Projects per year
It is well established that adults converge on common referring expressions in dialogue, and that such lexical alignment is important for successful and rewarding communication. We show that children with an Autistic Spectrum Disorder (ASD) and chronological- and verbal-age-matched typically developing (TD) children also show spontaneous lexical alignment. In a card game, both groups tended to refer to an object using the same name as their partner had previously used for the same or a different token of the object. This tendency to align on a pragmatically conditioned aspect of language did not differ between ASD and TD groups, and was unaffected by verbal/chronological age, or (in the ASD group) Theory of Mind or social functioning. We suggest that lexical priming can lead to automatic lexical alignment in both ASD and TD children’s dialogue. Our results further suggest that ASD children’s conversational impairments do not involve an all-encompassing deficit in linguistic imitation.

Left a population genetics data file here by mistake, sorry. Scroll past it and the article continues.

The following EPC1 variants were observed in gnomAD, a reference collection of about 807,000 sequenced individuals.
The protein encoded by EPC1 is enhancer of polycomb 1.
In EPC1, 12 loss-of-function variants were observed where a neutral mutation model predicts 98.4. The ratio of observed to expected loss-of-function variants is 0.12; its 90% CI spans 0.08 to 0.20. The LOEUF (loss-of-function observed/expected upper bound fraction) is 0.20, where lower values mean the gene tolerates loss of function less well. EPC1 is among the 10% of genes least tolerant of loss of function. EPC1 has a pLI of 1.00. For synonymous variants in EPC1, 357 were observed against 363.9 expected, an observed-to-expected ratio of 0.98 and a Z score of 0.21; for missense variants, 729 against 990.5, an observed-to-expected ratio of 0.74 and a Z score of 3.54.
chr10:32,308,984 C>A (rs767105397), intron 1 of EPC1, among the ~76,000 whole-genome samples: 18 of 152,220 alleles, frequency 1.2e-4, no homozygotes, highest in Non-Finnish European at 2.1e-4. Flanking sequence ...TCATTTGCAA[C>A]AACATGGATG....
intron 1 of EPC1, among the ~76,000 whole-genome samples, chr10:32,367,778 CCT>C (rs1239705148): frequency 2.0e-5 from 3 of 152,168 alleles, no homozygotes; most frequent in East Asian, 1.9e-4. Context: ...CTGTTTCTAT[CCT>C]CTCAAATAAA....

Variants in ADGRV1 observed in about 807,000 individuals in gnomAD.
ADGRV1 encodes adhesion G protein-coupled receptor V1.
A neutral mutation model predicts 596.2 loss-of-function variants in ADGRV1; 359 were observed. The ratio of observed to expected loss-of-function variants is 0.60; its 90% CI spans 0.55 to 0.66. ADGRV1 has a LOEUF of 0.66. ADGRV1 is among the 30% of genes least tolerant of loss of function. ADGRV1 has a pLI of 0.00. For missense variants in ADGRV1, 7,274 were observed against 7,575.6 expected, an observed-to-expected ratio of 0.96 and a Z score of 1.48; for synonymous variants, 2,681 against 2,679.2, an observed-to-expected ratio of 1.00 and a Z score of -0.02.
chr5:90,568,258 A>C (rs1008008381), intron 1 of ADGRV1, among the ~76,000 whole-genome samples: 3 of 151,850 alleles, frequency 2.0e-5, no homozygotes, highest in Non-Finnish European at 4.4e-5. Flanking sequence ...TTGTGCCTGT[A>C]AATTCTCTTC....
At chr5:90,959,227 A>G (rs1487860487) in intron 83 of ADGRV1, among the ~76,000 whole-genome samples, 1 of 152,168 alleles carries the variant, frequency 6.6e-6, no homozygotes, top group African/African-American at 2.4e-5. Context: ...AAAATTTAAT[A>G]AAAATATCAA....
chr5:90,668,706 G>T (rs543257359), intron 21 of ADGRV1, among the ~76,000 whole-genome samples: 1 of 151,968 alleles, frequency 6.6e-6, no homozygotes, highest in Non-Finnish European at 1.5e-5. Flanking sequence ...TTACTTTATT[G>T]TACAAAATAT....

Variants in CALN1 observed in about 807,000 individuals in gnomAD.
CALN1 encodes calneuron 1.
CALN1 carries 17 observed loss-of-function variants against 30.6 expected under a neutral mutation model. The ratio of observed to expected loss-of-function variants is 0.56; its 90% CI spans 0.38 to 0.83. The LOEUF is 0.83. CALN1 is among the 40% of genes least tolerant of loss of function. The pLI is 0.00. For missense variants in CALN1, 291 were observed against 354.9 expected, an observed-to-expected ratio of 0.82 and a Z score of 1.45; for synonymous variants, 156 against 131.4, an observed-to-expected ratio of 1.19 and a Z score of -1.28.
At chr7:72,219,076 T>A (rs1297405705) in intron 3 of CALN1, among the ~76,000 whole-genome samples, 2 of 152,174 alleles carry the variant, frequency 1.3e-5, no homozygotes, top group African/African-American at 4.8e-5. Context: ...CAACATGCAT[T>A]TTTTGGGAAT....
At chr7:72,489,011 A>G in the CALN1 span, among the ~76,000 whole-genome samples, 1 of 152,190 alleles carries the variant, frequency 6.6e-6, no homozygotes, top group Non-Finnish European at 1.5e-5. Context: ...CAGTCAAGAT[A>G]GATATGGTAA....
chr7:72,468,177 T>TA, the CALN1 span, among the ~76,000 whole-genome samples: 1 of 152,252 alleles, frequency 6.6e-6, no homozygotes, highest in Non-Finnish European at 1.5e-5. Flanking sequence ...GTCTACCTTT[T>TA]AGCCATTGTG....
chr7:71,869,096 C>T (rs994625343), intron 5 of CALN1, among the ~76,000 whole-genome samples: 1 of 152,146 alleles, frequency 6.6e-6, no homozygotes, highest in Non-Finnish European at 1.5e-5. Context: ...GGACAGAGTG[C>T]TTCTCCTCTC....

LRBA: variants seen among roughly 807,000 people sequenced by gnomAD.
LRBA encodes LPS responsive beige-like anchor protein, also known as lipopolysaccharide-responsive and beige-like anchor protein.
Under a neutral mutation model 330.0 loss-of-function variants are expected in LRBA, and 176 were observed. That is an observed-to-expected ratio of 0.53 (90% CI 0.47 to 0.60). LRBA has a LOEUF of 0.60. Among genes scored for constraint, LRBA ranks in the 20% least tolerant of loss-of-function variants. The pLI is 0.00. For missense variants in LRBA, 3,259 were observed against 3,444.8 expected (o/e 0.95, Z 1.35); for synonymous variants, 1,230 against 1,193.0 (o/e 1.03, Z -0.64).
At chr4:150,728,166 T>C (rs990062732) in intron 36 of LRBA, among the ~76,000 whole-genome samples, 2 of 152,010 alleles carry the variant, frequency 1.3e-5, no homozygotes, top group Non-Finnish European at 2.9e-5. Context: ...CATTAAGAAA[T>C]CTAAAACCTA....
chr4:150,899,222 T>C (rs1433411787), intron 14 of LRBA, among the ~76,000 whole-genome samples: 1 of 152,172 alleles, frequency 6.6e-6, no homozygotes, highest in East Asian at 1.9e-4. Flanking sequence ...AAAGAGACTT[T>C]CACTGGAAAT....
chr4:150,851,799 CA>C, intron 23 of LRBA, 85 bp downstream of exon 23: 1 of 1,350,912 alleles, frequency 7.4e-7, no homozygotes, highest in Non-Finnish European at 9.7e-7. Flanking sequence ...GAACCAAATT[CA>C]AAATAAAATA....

|Journal||Journal of Experimental Psychology: Learning, Memory, and Cognition|
|Publication status||Published - Nov 2016|
- lexical entrainment
FingerprintDive into the research topics of 'Spontaneous lexical alignment in children with an Autistic Spectrum Disorder and their typically developing peers'. Together they form a unique fingerprint.
- 1 Finished
1/09/14 → 31/08/15
- School of Health in Social Science - Senior Lecturer
- Edinburgh Neuroscience
- Centre for Applied Developmental Psychology (CADP)
Person: Academic: Research Active